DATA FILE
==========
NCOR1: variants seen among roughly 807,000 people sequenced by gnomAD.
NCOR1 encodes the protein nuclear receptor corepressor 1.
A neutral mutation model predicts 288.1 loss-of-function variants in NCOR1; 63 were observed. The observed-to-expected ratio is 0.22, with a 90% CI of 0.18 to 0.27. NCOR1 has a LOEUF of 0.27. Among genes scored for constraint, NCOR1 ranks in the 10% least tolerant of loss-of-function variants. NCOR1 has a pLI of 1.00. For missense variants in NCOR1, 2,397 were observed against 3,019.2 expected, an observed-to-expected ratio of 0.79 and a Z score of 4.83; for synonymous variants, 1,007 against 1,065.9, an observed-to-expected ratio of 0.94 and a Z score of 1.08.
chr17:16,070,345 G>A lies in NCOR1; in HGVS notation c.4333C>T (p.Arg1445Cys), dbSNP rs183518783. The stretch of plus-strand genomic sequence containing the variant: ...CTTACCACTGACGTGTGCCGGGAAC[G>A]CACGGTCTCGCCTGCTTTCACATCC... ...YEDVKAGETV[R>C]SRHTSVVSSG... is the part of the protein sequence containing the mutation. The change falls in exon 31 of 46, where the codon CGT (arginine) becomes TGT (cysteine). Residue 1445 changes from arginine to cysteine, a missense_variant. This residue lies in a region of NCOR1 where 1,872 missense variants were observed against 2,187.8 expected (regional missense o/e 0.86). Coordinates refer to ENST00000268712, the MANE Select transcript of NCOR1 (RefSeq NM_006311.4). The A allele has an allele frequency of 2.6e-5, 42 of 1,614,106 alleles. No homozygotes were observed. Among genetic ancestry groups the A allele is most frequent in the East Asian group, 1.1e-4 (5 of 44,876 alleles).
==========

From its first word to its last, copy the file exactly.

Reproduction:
NCOR1: variants seen among roughly 807,000 people sequenced by gnomAD.
NCOR1 encodes the protein nuclear receptor corepressor 1.
A neutral mutation model predicts 288.1 loss-of-function variants in NCOR1; 63 were observed. The observed-to-expected ratio is 0.22, with a 90% CI of 0.18 to 0.27. NCOR1 has a LOEUF of 0.27. Among genes scored for constraint, NCOR1 ranks in the 10% least tolerant of loss-of-function variants. NCOR1 has a pLI of 1.00. For missense variants in NCOR1, 2,397 were observed against 3,019.2 expected, an observed-to-expected ratio of 0.79 and a Z score of 4.83; for synonymous variants, 1,007 against 1,065.9, an observed-to-expected ratio of 0.94 and a Z score of 1.08.
chr17:16,070,345 G>A lies in NCOR1; in HGVS notation c.4333C>T (p.Arg1445Cys), dbSNP rs183518783. The stretch of plus-strand genomic sequence containing the variant: ...CTTACCACTGACGTGTGCCGGGAAC[G>A]CACGGTCTCGCCTGCTTTCACATCC... ...YEDVKAGETV[R>C]SRHTSVVSSG... is the part of the protein sequence containing the mutation. The change falls in exon 31 of 46, where the codon CGT (arginine) becomes TGT (cysteine). Residue 1445 changes from arginine to cysteine, a missense_variant. This residue lies in a region of NCOR1 where 1,872 missense variants were observed against 2,187.8 expected (regional missense o/e 0.86). Coordinates refer to ENST00000268712, the MANE Select transcript of NCOR1 (RefSeq NM_006311.4). The A allele has an allele frequency of 2.6e-5, 42 of 1,614,106 alleles. No homozygotes were observed. Among genetic ancestry groups the A allele is most frequent in the East Asian group, 1.1e-4 (5 of 44,876 alleles).